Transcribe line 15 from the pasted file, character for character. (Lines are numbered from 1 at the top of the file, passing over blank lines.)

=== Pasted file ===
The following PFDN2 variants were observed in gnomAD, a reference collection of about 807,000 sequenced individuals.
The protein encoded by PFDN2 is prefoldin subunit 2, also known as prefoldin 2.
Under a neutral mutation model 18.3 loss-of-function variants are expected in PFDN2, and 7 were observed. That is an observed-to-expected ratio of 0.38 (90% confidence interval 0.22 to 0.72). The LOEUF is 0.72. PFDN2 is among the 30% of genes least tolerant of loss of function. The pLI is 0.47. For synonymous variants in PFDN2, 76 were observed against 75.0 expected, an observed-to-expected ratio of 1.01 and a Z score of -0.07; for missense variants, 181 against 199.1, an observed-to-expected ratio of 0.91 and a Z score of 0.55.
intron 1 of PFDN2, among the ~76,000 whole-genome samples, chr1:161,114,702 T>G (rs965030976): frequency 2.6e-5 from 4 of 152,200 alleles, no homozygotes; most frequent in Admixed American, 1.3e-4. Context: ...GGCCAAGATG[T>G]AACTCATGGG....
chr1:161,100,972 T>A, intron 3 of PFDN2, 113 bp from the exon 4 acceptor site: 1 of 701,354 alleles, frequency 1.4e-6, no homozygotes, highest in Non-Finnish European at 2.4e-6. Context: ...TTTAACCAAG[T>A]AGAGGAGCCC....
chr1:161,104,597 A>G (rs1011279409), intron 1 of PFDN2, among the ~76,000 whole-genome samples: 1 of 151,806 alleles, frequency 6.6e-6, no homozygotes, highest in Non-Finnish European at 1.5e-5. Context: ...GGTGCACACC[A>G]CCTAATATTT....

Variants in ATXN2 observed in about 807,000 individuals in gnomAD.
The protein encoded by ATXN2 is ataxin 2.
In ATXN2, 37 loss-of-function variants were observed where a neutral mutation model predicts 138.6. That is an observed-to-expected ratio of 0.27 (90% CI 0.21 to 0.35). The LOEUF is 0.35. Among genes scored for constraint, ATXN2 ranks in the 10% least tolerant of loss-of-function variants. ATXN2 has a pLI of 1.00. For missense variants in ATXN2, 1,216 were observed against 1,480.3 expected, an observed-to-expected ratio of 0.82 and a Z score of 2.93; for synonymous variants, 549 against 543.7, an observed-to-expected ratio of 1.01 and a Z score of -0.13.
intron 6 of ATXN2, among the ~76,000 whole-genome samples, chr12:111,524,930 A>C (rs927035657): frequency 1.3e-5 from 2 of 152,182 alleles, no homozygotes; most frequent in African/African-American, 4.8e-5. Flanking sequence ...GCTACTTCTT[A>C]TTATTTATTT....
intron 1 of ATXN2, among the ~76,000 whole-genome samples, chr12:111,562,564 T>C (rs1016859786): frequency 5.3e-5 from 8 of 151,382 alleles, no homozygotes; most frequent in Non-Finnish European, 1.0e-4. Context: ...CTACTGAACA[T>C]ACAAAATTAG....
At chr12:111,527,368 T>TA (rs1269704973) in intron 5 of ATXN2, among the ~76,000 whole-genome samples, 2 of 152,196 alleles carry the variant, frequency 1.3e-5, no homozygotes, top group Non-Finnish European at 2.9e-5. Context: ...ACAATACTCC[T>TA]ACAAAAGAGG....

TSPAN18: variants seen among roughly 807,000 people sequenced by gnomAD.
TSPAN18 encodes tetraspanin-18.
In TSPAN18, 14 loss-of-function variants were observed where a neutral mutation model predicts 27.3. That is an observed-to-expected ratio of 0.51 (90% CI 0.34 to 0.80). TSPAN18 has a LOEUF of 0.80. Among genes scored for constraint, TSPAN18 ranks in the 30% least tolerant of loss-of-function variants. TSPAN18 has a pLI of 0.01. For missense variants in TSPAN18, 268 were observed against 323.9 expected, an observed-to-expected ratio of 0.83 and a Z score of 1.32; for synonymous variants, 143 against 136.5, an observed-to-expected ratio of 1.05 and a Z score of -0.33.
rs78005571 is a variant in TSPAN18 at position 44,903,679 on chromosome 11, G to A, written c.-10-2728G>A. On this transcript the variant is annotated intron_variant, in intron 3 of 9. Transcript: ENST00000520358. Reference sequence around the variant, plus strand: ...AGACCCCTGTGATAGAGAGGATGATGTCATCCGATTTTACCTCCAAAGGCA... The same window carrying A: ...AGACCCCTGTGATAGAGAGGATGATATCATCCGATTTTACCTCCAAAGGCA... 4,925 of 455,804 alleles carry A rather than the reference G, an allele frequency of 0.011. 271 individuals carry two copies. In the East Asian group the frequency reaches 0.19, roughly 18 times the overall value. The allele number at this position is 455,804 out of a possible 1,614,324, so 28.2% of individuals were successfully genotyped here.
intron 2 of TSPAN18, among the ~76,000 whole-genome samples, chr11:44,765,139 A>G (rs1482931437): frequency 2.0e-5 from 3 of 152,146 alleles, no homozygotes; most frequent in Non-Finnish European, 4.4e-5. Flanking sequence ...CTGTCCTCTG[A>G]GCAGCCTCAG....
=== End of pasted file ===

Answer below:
In TSPAN18, 14 loss-of-function variants were observed where a neutral mutation model predicts 27.3. That is an observed-to-expected ratio of 0.51 (90% CI 0.34 to 0.80). TSPAN18 has a LOEUF of 0.80. Among genes scored for constraint, TSPAN18 ranks in the 30% least tolerant of loss-of-function variants. TSPAN18 has a pLI of 0.01. For missense variants in TSPAN18, 268 were observed against 323.9 expected, an observed-to-expected ratio of 0.83 and a Z score of 1.32; for synonymous variants, 143 against 136.5, an observed-to-expected ratio of 1.05 and a Z score of -0.33.